"We have come to expect disclosure of ingredients in foods, cosmetics, and drugs because of the direct interaction of these products with our bodies. We should expect, and deserve, no less from menstrual products," said Jamie McConnell, Director of Programs and Policy at WVE. "If passed, A.521A will finally give New Yorkers vital information they need about their period products."
"Women and girls have every right to know what they put in and on their bodies. And yet, there is currently no requirement for ingredient labeling of menstrual hygiene products, which women use because of biological necessity," said Assemblymebmer Linda B. Rosenthal (D/WF- Manhattan), sponsor of bill A.521A to require menstrual hygiene package labeling in New York State. "There is something deeply amiss when chemicals are deemed too unsafe for paint stripper, but just fine for women to use in their tampons. Without my legislation requiring package labeling, we leave millions of New Yorkers blindfolded in the aisles of drug stores and supermarkets as they consider what products to buy for themselves and their families."
Along with this disclosure bill, Rosenthal has championed other menstrual equity bills including no cost period products for menstruating individuals in New York's schools, homeless shelters and correctional facilities, and led the way to eliminate the state's tampon tax in 2016.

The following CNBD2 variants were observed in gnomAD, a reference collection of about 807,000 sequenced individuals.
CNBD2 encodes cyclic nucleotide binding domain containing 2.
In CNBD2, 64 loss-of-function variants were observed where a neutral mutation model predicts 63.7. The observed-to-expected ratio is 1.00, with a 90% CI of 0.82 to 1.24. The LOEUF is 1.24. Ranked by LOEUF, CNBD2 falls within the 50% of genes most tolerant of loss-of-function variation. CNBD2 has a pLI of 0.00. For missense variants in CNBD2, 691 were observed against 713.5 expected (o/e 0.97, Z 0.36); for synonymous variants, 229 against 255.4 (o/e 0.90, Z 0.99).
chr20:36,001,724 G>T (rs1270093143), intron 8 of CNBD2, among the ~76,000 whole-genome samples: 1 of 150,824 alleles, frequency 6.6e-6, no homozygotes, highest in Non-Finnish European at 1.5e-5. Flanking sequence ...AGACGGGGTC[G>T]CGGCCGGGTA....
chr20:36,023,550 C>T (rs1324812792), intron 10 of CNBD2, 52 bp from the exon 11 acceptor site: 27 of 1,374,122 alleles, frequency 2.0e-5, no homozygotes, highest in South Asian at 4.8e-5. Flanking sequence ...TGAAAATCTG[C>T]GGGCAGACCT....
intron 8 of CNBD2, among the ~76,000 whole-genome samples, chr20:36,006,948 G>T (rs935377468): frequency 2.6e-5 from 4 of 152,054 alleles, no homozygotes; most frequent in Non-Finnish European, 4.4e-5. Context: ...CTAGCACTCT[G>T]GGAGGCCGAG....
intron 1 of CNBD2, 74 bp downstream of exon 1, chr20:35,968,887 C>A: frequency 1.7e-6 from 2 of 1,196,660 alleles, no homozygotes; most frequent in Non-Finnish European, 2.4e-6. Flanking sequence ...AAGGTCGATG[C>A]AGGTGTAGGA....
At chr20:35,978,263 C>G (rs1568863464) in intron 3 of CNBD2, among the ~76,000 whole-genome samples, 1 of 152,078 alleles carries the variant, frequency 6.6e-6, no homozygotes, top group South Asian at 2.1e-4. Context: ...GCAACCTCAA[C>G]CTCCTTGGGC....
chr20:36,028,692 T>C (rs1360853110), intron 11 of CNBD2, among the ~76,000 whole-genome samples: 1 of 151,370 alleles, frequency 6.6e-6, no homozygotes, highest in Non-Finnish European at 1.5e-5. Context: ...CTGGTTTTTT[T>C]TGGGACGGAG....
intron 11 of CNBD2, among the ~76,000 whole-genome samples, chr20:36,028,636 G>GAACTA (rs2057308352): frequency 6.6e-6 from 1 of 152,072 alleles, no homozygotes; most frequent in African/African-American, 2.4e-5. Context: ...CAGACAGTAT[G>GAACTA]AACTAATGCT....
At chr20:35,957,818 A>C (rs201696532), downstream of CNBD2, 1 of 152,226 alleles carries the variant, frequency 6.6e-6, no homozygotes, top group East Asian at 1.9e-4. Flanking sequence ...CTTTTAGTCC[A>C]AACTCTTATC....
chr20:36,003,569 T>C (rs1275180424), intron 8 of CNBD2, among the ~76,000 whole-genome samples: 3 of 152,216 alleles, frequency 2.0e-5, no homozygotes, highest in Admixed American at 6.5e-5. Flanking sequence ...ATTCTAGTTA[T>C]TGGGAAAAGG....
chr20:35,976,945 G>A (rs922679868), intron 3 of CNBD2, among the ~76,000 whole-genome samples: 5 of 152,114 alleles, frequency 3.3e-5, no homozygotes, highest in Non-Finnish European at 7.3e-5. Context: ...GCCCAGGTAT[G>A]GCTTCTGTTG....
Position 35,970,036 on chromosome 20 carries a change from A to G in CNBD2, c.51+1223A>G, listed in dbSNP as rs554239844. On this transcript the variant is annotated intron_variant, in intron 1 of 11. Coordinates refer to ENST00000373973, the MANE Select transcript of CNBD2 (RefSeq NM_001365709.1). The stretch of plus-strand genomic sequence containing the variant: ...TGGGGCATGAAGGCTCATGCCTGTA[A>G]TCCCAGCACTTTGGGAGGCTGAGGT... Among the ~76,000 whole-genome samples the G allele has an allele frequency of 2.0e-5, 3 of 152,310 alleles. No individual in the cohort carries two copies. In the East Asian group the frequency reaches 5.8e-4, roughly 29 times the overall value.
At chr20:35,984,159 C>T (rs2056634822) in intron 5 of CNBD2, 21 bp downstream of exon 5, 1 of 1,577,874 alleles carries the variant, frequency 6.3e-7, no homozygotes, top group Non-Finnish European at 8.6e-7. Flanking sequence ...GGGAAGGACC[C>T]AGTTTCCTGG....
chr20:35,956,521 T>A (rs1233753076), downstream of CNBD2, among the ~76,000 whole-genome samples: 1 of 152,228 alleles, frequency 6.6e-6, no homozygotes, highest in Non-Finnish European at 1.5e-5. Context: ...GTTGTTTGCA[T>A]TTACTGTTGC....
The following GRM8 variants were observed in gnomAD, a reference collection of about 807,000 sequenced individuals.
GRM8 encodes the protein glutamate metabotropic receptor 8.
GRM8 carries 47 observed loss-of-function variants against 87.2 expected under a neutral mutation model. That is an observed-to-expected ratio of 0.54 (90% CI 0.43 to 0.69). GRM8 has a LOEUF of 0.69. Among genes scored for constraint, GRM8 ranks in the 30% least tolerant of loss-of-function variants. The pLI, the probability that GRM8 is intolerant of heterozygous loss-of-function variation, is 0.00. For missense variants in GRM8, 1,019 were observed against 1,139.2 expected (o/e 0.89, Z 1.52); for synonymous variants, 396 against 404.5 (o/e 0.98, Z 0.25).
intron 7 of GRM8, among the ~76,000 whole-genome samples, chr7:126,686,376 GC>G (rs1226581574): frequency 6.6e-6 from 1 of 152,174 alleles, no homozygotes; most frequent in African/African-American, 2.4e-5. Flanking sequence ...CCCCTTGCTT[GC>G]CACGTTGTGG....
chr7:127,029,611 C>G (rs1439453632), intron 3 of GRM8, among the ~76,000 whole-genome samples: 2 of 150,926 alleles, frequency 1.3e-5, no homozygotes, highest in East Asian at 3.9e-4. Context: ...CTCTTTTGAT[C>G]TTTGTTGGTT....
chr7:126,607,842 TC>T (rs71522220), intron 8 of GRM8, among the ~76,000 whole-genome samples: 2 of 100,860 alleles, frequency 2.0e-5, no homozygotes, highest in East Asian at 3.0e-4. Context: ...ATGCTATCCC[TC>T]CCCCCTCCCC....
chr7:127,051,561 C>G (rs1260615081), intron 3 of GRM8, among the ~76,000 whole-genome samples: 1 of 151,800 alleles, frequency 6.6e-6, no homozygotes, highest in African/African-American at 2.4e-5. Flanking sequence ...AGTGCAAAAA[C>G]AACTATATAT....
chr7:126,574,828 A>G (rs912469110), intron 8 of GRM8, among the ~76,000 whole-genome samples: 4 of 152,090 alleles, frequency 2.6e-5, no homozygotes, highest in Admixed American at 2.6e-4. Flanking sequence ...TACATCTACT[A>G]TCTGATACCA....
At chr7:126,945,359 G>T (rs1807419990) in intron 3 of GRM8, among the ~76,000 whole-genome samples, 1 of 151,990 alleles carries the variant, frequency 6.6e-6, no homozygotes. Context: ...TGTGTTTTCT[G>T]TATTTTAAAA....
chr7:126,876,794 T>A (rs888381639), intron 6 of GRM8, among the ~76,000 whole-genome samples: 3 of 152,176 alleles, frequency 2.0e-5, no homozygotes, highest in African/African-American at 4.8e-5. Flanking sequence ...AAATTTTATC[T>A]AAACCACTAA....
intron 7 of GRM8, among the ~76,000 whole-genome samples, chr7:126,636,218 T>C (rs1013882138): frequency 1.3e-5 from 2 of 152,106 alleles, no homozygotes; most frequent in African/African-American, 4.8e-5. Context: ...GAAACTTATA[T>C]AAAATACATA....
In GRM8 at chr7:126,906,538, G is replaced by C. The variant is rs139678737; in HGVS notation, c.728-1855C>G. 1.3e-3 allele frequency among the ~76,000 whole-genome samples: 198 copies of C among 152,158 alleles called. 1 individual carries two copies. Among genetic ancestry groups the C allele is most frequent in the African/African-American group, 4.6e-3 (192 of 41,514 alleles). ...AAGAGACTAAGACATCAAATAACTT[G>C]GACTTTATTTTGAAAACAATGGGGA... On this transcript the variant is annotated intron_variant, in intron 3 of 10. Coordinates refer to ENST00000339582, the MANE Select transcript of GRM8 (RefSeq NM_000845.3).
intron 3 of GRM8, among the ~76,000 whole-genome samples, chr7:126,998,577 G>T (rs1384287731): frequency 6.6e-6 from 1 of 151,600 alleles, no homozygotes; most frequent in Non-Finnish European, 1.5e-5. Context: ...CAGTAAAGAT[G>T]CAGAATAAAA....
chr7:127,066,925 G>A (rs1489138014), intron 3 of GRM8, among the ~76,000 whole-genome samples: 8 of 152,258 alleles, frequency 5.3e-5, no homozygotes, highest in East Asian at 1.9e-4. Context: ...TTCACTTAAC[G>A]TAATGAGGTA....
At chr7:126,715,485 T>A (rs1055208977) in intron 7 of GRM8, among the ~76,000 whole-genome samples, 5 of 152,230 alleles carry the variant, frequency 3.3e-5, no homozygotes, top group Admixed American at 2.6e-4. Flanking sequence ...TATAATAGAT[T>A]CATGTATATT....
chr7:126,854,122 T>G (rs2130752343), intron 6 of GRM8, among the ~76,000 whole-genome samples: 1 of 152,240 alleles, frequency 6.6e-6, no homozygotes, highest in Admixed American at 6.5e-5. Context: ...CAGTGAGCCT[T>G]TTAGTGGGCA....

To help support A.521A, women across the state of New York are using WVE's Detox the Box Party Kits to raise awareness about the hazards of hidden and harmful chemicals in menstrual care products, and de-stigmatize periods and vaginal health.
"These parties provide a relaxed and fun space to spark dialogue between friends about the products used on and in the vagina," said McConnell. "In New York, women are using these parties to support their right to know, their right to safe products, and to ultimately put an end to practices and policies that put their health at risk."
A Detox the Box Party Kit includes fact sheets on harmful chemicals found in some menstrual products, a discussion guide, spoof videos that call-out harmful body-shaming marketing, and actions to take to ensure menstrual products are universally safe and accessible. Kits also include information on A.521A, and simple ways they can contact their assemblymember, encouraging support for ingredient disclosure of period products.
"We are encouraged and inspired by women in New York and across the nation who are demanding their right to know," said Rosenthal.
Detox the Box Parties are currently being held in the following New York communities: Astoria, Bayport, Brooklyn, Cleveland, Cortland, Dunkirk, Farmingdale, Guilderland, Lake Grove, Montclair, New York, Niverville, Pelham, Rochester, Whitesboro. Interviews available.
ABOUT Women's Voices for the Earth (WVE) Founded in 1995, Women's Voices for the Earth is a national environmental health organization that works to amplify women's voices to eliminate toxic chemicals that harm our health and communities. WVE's menstrual products work was launched in 2013 with the report, Chem Fatale, and has helped elevate the topic of period health into the public mainstream.
SOURCE Women's Voices for the Earth